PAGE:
An executor of an estate must perform various tasks. They handle a deceased person’s finances and carry out their final wishes. They’re also responsible for ensuring beneficiaries receive the assets left to them in the deceased’s will.
Understanding the duties of an executor is crucial. They are someone a person trusts to manage all aspects of the estate upon death. They have the legal authority of the court to fulfill their responsibilities and administer the estate according to the deceased’s instructions.
Duties of the Executor of an Estate Plan
An executor settles all matters related to a person’s estate when they die. They must be honest and diligent in carrying out tasks, such as:
- Filing the will with the probate court – The first step of administering an estate is filing the will with the probate court. Probate is the process of a judge validating a will and authorizing the executor to proceed with their responsibilities.
- Notifying credit card companies, banks, and other entities – Multiple entities must know about the person’s death, including banks, credit card companies, and the Social Security Administration.
- Determining whether probate is necessary – Probate isn’t always necessary while handling someone’s estate. The executor must decide whether they can transfer property immediately or must wait for the judge’s authorization. Common assets that avoid probate include bank accounts with a pay-on-death arrangement, retirement plans with designated beneficiaries, and property held in a revocable living trust.
- Appearing in court – The executor might have to represent the estate in court proceedings before a probate judge.
- Creating an account for funds – The executor can set up an account to hold money owed to the deceased, such as a paycheck. They can also use the account to pay ongoing bills, such as utilities and mortgages.
- Filing an inventory of assets – State law requires the executor to file an estate inventory with the court, including descriptions and values of all personal and real property.
- Managing all property – The executor must protect all assets until distribution. They can determine whether they should sell any property left in the estate and manage assets they must transfer to beneficiaries.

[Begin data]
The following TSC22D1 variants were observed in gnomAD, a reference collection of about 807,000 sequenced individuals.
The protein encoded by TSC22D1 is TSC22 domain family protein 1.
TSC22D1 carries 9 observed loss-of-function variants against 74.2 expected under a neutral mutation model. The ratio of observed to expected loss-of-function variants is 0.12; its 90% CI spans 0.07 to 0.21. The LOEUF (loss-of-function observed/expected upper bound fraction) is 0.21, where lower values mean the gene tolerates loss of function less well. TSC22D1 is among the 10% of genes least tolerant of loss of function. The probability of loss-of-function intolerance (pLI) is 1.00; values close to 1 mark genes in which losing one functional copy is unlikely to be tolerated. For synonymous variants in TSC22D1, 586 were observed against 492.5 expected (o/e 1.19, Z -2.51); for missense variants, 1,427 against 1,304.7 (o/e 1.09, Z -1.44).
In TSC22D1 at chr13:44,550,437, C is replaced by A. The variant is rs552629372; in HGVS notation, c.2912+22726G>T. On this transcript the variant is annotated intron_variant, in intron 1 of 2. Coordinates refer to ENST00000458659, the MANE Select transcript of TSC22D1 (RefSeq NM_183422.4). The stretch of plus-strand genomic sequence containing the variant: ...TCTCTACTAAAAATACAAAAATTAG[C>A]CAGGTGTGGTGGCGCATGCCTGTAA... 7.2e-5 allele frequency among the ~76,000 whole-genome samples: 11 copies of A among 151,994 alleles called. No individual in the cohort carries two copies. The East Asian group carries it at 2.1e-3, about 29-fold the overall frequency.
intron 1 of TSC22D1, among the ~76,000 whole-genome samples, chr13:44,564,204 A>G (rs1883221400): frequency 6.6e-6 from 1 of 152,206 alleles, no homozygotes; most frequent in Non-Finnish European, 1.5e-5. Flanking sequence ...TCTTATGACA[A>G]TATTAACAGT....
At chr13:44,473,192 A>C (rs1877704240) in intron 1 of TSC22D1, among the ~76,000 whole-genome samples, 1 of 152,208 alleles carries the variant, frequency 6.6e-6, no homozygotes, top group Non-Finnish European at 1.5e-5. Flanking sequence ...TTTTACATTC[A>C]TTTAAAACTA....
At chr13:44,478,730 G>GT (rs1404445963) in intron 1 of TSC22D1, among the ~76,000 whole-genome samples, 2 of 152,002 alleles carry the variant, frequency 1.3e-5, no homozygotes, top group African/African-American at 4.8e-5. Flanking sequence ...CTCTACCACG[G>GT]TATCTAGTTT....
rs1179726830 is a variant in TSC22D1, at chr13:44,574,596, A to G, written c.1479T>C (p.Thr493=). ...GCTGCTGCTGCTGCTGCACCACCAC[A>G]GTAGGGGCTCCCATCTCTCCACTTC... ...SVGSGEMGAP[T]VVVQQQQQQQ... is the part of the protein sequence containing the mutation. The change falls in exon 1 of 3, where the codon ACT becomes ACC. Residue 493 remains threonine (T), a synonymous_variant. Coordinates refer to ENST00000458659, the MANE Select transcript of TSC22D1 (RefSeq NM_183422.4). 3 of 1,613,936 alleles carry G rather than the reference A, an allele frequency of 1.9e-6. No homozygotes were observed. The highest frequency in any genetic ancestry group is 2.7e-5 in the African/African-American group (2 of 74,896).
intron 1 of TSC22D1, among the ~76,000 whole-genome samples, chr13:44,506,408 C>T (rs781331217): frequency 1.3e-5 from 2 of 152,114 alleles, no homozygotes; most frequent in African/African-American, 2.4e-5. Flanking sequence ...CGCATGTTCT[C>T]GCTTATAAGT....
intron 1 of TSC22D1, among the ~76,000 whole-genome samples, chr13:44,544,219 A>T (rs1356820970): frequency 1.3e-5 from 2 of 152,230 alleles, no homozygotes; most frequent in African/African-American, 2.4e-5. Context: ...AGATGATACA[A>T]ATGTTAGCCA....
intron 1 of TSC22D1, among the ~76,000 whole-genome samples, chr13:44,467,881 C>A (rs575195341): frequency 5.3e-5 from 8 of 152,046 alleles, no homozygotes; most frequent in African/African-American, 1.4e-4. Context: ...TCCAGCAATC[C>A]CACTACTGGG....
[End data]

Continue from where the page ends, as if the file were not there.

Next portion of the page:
- Paying taxes and debts – The executor must notify all creditors of the death. They can use certain funds to pay the debt if instructed to do so by the deceased. However, if nothing was set aside, the executor might have to use assets to satisfy obligations. They must also pay estate taxes.
- Distributing property – The executor must transfer all assets to named beneficiaries according to the deceased’s wishes. If there isn’t a will or designated beneficiaries, the property will pass by intestate succession laws.
- Disposing of remaining property – If assets remain after paying off debts and distributing everything to beneficiaries, the executor must dispose of it properly.
Who Can Serve as the Executor of an Estate in North Carolina?
State law requires the executor of an estate to be at least 18 years old and of sound mind.
A person can’t be an executor if they:
- Are under 18
- Are considered incompetent during a formal proceeding and continue to be under a disability
- Were convicted of a felony and haven’t had their citizenship restored
- Are a nonresident without an appointed resident agent or a resident who moved without selecting a process agent before being designated as the executor
- Are illiterate
- Are a corporation without authorization to act as a personal representative in the state
- Were convicted of the deceased’s murder
- Are a separated or divorced spouse of the deceased
Speak to a Dedicated Estate Planning Lawyer in Gastonia, NC
Mullen Holland & Cooper P.A. has assisted clients with estate planning for over 70 years. We understand the importance of protecting your assets and your family’s future. You should appoint an executor you trust to fulfill their duties and protect your loved one’s best interests.
If you want to discuss your estate planning options or draft an estate plan, call Mullen Holland & Cooper P.A. at 704-864-6751 right now for your confidential consultation.